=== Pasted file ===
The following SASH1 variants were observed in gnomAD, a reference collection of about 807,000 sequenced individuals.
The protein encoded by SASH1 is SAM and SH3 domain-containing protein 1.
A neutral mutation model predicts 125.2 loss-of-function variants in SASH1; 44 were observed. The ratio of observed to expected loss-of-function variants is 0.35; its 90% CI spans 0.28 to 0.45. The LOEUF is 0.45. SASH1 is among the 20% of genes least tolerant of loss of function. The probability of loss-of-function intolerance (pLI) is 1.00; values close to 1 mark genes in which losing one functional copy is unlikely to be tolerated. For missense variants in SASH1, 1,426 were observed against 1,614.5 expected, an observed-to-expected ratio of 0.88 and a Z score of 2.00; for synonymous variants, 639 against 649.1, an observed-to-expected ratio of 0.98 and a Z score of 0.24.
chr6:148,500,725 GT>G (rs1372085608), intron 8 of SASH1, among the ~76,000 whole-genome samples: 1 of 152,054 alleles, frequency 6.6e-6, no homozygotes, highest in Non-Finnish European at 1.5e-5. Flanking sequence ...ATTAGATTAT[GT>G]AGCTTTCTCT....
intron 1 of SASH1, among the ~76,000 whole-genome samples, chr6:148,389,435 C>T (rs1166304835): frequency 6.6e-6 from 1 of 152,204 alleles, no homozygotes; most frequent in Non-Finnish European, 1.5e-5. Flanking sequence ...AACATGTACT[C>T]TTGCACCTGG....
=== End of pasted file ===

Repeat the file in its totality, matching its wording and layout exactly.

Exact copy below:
The following SASH1 variants were observed in gnomAD, a reference collection of about 807,000 sequenced individuals.
The protein encoded by SASH1 is SAM and SH3 domain-containing protein 1.
A neutral mutation model predicts 125.2 loss-of-function variants in SASH1; 44 were observed. The ratio of observed to expected loss-of-function variants is 0.35; its 90% CI spans 0.28 to 0.45. The LOEUF is 0.45. SASH1 is among the 20% of genes least tolerant of loss of function. The probability of loss-of-function intolerance (pLI) is 1.00; values close to 1 mark genes in which losing one functional copy is unlikely to be tolerated. For missense variants in SASH1, 1,426 were observed against 1,614.5 expected, an observed-to-expected ratio of 0.88 and a Z score of 2.00; for synonymous variants, 639 against 649.1, an observed-to-expected ratio of 0.98 and a Z score of 0.24.
chr6:148,500,725 GT>G (rs1372085608), intron 8 of SASH1, among the ~76,000 whole-genome samples: 1 of 152,054 alleles, frequency 6.6e-6, no homozygotes, highest in Non-Finnish European at 1.5e-5. Flanking sequence ...ATTAGATTAT[GT>G]AGCTTTCTCT....
intron 1 of SASH1, among the ~76,000 whole-genome samples, chr6:148,389,435 C>T (rs1166304835): frequency 6.6e-6 from 1 of 152,204 alleles, no homozygotes; most frequent in Non-Finnish European, 1.5e-5. Flanking sequence ...AACATGTACT[C>T]TTGCACCTGG....